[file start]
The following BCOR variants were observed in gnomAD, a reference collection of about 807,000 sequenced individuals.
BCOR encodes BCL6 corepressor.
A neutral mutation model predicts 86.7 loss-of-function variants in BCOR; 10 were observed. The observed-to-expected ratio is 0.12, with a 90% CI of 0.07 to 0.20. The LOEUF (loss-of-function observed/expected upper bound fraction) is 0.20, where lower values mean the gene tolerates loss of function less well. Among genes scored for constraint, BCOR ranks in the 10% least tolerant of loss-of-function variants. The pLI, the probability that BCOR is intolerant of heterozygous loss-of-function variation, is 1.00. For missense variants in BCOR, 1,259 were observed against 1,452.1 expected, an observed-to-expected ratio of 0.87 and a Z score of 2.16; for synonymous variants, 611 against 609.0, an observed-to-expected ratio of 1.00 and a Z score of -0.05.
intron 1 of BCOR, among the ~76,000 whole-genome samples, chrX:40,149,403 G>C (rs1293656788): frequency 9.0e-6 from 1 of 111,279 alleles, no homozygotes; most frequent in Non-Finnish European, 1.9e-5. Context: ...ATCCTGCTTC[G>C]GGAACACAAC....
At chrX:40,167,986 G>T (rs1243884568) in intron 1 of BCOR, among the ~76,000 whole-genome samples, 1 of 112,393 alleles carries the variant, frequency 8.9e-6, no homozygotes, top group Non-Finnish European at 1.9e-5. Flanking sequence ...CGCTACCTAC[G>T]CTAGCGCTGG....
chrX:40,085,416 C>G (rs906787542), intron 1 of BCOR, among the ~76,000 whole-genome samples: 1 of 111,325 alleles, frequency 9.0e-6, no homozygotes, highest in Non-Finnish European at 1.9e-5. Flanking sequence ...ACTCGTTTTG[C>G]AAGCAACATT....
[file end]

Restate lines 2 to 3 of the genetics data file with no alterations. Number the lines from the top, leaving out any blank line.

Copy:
BCOR encodes BCL6 corepressor.
A neutral mutation model predicts 86.7 loss-of-function variants in BCOR; 10 were observed. The observed-to-expected ratio is 0.12, with a 90% CI of 0.07 to 0.20. The LOEUF (loss-of-function observed/expected upper bound fraction) is 0.20, where lower values mean the gene tolerates loss of function less well. Among genes scored for constraint, BCOR ranks in the 10% least tolerant of loss-of-function variants. The pLI, the probability that BCOR is intolerant of heterozygous loss-of-function variation, is 1.00. For missense variants in BCOR, 1,259 were observed against 1,452.1 expected, an observed-to-expected ratio of 0.87 and a Z score of 2.16; for synonymous variants, 611 against 609.0, an observed-to-expected ratio of 1.00 and a Z score of -0.05.